Nitrate isotope measurements

Lab Note #17
Apr 14, 2014
Hi All,

After a meeting in Australia followed by a well-deserved vacation, Maria is back in Seattle and is working in the lab.  Last week, she started the process of measuring nitrate isotopes in the snow samples.  This is a time-consuming and expensive process, and is where about half of the money you donated goes to support.  The money is for "consumables" (e.g. bacteria media, vials, standards, gases, liquid nitrogen, etc) used during analysis.  Consumables are supplies that cannot be re-used.

The nitrate we will measure is dissolved in water (melted snow).  In order to measure its isotopes (both nitrogen and oxygen), we need to convert the nitrate to oxygen gas (O2) for measuring oxygen isotopes and nitrogen gas (N2) for measuring nitrogen isotopes.  To do this, we first use bacteria to do the job of converting our sample from a liquid to a gas!  We use a specific type of "denitrifying" bacteria called Pseudomonas aereofaciens.  The nitrate in our samples is a nutrient source for the bacteria, but they don't use all of it.  The "waste" from the consumption of nitrate is N2O gas (nitrous oxide, or laughing gas), which is how we first get the nitrate into the gas phase.  The image below shows the bacteria in a nitrate-free media solution prior to use.  The bottles are being shaken which helps the bacteria grow.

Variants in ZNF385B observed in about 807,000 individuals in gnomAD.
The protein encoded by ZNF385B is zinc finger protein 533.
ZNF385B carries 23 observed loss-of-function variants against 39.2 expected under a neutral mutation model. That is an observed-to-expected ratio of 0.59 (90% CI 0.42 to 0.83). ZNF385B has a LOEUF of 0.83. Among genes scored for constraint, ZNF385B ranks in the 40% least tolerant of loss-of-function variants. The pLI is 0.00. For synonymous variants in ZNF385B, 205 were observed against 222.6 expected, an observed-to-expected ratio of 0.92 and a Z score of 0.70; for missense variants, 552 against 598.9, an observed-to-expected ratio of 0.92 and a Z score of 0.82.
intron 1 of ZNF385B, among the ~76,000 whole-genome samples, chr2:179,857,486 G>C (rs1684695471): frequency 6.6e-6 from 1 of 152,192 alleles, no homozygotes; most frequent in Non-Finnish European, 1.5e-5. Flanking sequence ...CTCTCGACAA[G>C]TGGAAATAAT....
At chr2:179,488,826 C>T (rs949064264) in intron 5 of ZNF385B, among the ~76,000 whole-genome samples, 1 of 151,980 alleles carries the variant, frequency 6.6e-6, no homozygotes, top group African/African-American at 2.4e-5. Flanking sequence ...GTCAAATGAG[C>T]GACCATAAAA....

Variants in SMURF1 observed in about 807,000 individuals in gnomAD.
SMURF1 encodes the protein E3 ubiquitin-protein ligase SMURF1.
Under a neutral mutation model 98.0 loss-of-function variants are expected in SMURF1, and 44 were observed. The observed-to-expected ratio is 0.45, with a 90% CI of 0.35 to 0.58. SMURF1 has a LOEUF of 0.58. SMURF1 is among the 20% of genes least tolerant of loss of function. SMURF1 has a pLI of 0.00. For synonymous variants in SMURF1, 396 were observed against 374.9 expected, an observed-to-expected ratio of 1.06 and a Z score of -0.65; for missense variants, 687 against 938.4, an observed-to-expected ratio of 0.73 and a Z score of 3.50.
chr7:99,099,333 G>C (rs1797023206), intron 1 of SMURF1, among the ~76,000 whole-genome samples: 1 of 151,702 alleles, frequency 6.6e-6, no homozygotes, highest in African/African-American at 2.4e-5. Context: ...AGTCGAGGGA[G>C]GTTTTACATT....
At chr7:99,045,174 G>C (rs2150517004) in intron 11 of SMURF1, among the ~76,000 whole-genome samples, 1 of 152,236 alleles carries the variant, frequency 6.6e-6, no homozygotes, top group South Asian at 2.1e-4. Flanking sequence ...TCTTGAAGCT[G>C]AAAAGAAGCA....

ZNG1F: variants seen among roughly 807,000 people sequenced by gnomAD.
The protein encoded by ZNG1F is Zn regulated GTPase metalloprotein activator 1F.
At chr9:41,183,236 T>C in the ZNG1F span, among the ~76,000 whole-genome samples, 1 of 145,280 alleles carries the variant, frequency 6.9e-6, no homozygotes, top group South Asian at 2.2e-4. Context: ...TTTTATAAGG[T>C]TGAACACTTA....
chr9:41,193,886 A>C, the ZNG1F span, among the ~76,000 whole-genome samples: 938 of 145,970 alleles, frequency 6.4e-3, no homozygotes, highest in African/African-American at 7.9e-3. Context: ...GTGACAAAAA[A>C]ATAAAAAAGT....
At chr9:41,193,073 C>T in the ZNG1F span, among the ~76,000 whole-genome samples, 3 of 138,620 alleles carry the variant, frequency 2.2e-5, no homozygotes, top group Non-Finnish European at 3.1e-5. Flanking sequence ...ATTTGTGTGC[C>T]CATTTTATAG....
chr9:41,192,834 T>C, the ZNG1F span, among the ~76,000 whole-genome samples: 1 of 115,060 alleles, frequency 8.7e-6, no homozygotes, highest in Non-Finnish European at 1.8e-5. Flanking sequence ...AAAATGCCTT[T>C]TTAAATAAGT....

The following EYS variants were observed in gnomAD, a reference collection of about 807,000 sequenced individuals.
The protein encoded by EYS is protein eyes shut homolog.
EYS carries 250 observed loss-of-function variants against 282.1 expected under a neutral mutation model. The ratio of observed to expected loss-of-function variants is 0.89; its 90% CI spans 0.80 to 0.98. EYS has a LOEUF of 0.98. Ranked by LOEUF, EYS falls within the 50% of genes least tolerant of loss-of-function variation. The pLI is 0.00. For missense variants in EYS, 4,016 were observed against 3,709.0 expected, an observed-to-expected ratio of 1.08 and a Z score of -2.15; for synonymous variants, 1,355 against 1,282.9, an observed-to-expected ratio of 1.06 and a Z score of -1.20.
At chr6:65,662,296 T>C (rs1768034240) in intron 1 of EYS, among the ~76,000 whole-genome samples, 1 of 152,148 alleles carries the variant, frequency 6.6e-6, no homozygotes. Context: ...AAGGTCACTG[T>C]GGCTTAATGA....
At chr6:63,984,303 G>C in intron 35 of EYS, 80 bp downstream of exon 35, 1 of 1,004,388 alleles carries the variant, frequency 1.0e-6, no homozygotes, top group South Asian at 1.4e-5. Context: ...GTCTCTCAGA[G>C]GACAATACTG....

Maria pipettes some of this bacteria in solution into sample vials shown below.



She then places the samples in a bubbler to get rid of any N2O gas.



Once all of the N2O gas is gone, she adds a melted snow sample (which has been previously concentrated, see prior lab notes) to each vial, and places them on a shaker overnight where the bacteria go to work converting dissolved nitrate into gaseous N2O.



The N2O gas that the bacteria produce accumulates and remains in the "head space" of the vials, awaiting the next step.  More on that later in the week!
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